Raman and Man noted that guideline variation might account for some of this variance between regions: some guidelines recommend behavioral treatment as first-line interventions (such as the NICE guidelines in the UK), while other guidelines recommend stimulant use as a first-line intervention (several US guidelines). The researchers also listed the availability of treatments, treatment cost, and conservative attitudes about medication in Asia as explanations of the variance in prescribing stimulants to children.

The researchers write that in the US, “The continued increase in prescribing rate should be considered as a cautionary note for clinicians and regulators, who should ensure that they are not over diagnosing and medicating children and young people.”

A commentary on that study by Margaret H. Sibley, PhD, at Florida International University, also published in Lancet Psychiatry, highlighted the “urgent need to refine evidence-based guidelines for stimulant prescribing.” Sibley notes that the study does not clarify whether the participants received stimulants for diagnosed ADHD, non-ADHD symptoms, or even controversial off-label uses including supposed “cognitive enhancement” and “weight loss.” These factors could account for some of the differences in international prescription practices.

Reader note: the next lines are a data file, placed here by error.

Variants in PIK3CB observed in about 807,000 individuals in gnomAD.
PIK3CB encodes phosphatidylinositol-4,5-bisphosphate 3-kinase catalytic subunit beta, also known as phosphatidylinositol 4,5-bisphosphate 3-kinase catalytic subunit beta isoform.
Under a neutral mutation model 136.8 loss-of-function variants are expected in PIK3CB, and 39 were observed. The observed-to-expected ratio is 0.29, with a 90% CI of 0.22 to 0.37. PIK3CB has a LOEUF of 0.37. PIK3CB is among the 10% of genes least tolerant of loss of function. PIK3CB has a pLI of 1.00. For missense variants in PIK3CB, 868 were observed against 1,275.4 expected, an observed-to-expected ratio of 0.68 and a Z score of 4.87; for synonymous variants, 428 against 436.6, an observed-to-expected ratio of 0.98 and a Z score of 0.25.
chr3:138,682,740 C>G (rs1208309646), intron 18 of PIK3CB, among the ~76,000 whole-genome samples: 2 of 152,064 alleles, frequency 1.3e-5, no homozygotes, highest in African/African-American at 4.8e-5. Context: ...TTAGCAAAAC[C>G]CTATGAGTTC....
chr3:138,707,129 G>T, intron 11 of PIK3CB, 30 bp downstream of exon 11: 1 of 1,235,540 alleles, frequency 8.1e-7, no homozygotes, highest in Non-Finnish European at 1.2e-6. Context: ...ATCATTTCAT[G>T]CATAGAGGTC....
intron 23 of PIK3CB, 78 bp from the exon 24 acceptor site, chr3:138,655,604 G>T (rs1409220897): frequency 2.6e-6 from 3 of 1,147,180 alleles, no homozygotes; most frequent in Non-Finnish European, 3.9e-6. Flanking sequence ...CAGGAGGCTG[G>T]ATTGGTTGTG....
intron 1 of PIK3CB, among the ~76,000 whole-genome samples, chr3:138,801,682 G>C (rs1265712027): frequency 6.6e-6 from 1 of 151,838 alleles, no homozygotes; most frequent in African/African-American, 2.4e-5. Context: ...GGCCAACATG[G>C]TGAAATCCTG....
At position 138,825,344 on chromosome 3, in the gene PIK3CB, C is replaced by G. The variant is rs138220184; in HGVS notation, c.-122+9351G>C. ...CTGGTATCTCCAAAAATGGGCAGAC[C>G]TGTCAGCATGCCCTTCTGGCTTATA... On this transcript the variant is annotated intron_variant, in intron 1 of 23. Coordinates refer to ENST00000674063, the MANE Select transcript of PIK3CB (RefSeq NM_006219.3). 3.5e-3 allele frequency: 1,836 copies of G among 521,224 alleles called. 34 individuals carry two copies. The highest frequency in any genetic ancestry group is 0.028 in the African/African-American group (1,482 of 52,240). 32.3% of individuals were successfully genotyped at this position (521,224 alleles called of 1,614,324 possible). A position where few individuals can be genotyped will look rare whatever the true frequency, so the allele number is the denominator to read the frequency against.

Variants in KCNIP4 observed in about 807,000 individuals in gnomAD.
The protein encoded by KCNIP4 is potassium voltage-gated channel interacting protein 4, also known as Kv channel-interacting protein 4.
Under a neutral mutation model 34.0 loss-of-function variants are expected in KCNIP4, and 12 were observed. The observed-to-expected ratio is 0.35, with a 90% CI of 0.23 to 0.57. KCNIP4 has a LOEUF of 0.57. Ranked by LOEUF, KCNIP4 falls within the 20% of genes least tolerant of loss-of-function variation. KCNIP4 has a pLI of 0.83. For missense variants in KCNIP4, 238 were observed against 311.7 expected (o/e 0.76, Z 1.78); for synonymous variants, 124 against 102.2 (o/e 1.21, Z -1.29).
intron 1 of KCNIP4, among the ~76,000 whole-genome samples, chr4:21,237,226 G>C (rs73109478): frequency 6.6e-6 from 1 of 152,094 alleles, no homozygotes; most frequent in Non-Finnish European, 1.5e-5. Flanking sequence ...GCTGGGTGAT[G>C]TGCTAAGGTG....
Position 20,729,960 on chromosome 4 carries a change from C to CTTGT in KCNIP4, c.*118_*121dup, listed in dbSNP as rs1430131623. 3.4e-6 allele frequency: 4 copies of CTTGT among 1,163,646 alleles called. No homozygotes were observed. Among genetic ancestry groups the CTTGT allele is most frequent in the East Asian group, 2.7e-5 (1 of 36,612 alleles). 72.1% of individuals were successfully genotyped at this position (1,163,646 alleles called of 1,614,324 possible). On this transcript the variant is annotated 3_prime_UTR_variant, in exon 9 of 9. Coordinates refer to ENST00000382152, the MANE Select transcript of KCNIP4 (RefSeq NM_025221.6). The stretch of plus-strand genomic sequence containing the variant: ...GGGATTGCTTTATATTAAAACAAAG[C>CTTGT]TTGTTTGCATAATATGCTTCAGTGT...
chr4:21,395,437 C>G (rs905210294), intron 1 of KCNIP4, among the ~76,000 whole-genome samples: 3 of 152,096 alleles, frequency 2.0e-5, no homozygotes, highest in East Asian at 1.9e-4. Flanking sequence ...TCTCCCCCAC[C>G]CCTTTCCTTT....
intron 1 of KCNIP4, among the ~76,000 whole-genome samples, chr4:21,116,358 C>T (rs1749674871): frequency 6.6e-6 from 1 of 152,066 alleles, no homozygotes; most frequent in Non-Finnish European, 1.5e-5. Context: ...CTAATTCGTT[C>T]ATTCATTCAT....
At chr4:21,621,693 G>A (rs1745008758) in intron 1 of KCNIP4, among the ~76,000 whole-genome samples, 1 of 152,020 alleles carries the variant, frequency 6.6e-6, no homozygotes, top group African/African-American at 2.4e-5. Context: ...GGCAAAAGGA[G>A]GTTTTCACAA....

“Empirical data suggest that there probably is mixed prescription of stimulants to individuals who truly have ADHD, people who feign ADHD symptoms, misdiagnosed individuals, and those who openly receive medications for an off-label use endorsed by their prescriber,”  Sibley writes.